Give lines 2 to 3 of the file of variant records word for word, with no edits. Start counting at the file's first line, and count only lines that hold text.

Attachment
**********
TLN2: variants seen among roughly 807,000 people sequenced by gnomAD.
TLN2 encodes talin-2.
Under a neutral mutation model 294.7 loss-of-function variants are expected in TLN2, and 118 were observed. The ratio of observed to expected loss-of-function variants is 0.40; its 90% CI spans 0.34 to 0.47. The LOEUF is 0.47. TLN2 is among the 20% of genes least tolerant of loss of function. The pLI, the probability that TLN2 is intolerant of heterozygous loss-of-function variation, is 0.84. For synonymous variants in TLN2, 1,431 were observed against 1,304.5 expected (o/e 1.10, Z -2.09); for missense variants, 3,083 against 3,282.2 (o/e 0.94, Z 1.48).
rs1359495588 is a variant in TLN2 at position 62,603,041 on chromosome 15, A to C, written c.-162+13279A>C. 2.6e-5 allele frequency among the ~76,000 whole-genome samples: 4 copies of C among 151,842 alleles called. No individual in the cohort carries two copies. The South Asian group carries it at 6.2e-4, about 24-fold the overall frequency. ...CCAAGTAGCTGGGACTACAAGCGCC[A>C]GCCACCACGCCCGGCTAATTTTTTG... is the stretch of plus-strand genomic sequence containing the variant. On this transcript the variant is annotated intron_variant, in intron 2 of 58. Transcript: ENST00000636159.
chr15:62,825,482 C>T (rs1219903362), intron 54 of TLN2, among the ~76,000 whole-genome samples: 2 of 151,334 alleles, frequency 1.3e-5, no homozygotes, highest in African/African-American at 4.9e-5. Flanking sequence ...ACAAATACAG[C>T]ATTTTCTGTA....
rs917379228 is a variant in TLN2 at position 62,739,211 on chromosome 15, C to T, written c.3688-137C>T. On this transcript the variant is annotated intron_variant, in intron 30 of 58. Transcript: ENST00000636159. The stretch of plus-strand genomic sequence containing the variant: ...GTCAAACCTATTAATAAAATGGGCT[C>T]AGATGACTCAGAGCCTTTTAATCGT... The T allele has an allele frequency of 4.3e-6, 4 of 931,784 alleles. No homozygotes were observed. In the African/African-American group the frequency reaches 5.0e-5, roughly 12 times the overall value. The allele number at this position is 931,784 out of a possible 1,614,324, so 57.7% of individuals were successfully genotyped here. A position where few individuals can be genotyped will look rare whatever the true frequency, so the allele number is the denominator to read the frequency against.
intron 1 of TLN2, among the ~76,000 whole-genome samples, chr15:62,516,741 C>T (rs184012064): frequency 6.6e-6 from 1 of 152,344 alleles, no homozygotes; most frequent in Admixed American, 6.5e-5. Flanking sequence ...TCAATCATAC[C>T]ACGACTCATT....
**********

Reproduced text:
TLN2 encodes talin-2.
Under a neutral mutation model 294.7 loss-of-function variants are expected in TLN2, and 118 were observed. The ratio of observed to expected loss-of-function variants is 0.40; its 90% CI spans 0.34 to 0.47. The LOEUF is 0.47. TLN2 is among the 20% of genes least tolerant of loss of function. The pLI, the probability that TLN2 is intolerant of heterozygous loss-of-function variation, is 0.84. For synonymous variants in TLN2, 1,431 were observed against 1,304.5 expected (o/e 1.10, Z -2.09); for missense variants, 3,083 against 3,282.2 (o/e 0.94, Z 1.48).